Acquiring Edit Lock
is currently editing this page.

Emphasize your nonprofit message via website design

Caryn Stein is as passionate about the need for powerful nonprofit website design as she is for her other loves: singing karaoke and protecting animals. As vice president of communication and content for Network for Good, Caryn advises nonprofits on how to turn their websites into magnets for visitors and donations.

With all the online options people have, it's easy for nonprofits to believe that nonprofit website design isn't important anymore. But like that time she chose "Paradise by the Dashboard Light" for karaoke, Caryn is sure you're not thinking clearly.

"Everyone talks about social media, but 55 percent of online donations still come through a nonprofit's website," Caryn says. "You need to make your website a priority."

Consider these dos and don'ts of nonprofit website design.

1. Keep it simple

  • Do: Engage visitors emotionally.
  • Don't: Overcomplicate your site by forcing people to think.

Timing is critical. "You only have a few seconds to engage a website visitor," Caryn says. "If you don't engage them emotionally you'll lose them."

As an animal lover, Caryn likes this example from LEWA Wildlife Conservancy:

2. Stay on message

  • Do: Make it easy for visitors to understand what your nonprofit does.
  • Don't: Fill your site with useless widgets and visual clutter.

Have you ever been to a website and been overwhelmed with all the buttons, widgets and images? There's a name for that.

"'Cognitive load' refers to the amount of energy someone has to expend to understand your website," explains Caryn. "If they have to spend too much time figuring you out they may leave with the wrong message — or leave before they find one."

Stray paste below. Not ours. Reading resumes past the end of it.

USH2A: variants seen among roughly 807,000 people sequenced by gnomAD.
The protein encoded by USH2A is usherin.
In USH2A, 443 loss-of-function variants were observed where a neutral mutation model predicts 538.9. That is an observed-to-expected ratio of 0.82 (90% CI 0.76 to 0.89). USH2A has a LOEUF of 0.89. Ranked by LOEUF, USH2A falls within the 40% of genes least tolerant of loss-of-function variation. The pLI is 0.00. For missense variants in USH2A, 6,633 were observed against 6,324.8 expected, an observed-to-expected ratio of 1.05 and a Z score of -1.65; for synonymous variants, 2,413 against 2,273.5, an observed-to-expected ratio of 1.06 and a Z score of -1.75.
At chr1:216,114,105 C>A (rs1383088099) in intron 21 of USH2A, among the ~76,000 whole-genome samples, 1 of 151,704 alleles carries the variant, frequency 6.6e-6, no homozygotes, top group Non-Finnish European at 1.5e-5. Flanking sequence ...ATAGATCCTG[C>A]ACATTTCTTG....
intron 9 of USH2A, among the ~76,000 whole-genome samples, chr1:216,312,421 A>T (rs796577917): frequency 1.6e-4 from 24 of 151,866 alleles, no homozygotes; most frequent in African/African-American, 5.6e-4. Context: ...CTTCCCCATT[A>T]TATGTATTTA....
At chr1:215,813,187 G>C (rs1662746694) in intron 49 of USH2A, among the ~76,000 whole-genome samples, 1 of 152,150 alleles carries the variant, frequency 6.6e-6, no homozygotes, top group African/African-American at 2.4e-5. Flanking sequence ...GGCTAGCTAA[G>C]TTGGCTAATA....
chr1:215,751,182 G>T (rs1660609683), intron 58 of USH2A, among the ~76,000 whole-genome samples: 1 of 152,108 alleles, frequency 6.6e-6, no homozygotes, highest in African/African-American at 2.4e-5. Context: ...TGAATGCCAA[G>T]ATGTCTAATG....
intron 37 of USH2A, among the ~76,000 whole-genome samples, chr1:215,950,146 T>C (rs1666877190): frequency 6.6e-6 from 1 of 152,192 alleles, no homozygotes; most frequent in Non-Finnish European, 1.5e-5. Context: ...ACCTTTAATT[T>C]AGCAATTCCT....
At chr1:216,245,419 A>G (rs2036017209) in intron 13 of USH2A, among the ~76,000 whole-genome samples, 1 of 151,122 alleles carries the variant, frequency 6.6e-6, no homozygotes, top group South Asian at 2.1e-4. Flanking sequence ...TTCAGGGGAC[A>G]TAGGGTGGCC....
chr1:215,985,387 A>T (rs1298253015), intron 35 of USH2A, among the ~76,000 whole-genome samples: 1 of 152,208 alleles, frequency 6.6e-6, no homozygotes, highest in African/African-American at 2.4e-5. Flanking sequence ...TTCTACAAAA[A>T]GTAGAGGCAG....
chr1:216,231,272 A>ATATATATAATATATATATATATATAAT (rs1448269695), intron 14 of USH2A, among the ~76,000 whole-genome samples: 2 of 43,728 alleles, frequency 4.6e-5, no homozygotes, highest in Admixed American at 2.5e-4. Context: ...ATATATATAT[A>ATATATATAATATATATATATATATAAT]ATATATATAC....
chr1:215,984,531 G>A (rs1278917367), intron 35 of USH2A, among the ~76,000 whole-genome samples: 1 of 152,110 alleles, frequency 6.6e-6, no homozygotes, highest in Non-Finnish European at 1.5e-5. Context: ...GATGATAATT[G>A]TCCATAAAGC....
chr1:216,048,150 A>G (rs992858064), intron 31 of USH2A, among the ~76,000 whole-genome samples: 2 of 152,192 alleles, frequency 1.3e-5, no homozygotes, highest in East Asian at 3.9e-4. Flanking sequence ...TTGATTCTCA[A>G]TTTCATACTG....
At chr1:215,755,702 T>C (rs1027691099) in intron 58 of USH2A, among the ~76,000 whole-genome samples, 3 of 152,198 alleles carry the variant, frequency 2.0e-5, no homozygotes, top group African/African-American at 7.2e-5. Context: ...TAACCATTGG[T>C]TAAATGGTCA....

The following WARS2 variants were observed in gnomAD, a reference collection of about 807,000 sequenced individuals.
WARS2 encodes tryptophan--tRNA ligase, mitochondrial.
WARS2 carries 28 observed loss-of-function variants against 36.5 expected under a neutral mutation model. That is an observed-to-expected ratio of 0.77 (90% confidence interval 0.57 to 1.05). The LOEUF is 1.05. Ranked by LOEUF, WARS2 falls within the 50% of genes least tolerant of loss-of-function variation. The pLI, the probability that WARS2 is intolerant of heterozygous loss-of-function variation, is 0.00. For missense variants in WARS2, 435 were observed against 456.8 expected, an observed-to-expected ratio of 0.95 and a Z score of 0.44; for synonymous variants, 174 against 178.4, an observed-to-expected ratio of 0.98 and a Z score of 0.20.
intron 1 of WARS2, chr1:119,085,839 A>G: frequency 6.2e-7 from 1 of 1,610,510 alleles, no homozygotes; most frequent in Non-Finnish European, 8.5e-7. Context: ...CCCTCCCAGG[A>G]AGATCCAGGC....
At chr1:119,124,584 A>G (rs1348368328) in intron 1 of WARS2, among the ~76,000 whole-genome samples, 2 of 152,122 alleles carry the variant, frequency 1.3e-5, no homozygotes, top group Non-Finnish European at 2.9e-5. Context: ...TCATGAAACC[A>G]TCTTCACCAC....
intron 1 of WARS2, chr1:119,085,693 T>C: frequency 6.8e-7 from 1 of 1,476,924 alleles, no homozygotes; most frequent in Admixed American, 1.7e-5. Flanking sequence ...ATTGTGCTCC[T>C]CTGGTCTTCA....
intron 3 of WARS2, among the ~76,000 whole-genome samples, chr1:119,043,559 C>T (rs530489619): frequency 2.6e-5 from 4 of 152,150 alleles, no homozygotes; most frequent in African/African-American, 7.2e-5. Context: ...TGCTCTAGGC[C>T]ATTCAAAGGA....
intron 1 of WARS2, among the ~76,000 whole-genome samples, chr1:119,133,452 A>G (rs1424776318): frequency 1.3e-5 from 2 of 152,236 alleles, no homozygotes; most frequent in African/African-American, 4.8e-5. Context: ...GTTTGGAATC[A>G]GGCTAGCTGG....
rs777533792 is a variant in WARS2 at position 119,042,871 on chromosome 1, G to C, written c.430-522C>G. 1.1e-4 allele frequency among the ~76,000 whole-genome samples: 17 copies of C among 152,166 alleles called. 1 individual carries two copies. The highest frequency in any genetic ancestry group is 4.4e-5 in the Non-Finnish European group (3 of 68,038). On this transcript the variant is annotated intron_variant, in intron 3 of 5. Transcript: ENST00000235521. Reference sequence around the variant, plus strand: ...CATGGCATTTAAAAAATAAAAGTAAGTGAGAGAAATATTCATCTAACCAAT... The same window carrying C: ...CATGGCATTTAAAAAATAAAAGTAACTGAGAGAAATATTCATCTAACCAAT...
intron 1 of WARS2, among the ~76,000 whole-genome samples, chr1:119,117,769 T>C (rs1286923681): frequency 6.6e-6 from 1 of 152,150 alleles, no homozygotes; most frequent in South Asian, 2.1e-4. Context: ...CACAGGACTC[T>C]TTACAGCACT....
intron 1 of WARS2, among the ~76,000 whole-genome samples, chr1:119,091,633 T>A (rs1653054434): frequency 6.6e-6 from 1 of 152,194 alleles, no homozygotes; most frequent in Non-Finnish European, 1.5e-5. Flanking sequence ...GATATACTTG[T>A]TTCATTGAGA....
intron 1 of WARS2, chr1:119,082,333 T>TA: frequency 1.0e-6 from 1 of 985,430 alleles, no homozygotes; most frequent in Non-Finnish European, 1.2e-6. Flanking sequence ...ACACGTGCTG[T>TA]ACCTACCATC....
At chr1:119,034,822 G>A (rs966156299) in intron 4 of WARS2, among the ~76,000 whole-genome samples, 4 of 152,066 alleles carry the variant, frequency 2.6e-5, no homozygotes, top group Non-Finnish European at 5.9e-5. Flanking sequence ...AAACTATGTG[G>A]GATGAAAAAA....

A Washington D.C. native, Caryn likes this example from the local chapter of the Legal Aid Society:

3. Invite visitors to take action

  • Do: Make sure your website has a clear call to action.
  • Don't: Always make the call to action a donation request.

"Yes, every website should have a 'donate' button," Caryn says. "But there are other ways to get visitors to donate, like buying T-shirts."

A recent call to action on the Children's Miracle Network (CMN) home page invited visitors to share their email for a "miracle band" and to buy a T-shirt via the social fundraising platform Booster.

CMN saw a jump in website conversions. "In less than a month, CMN sold almost 1,000 shirts," says Andrew Moss, president of Booster. "People get asked all the time to donate. But Booster tee allows supporters to donate and wear their support."

4. Make it easy for mobile users

  • Do: Get lots of feedback on your website from supporters, donors, creative types, colleagues, techies and strangers.
  • Don't: Assume that everyone is looking at your nonprofit website design on a desktop.

"Nonprofits need a mobile-mindset," Caryn says. "More people than ever are viewing your website on tablets and smartphones, especially millennials."

For more from Joe Waters, visit Selfish Giving.



MissionBox editorial content is offered as guidance only, and is not meant, nor should it be construed as, a replacement for certified, professional expertise.




Cause marketing expert for do-gooders, nonprofits and businesses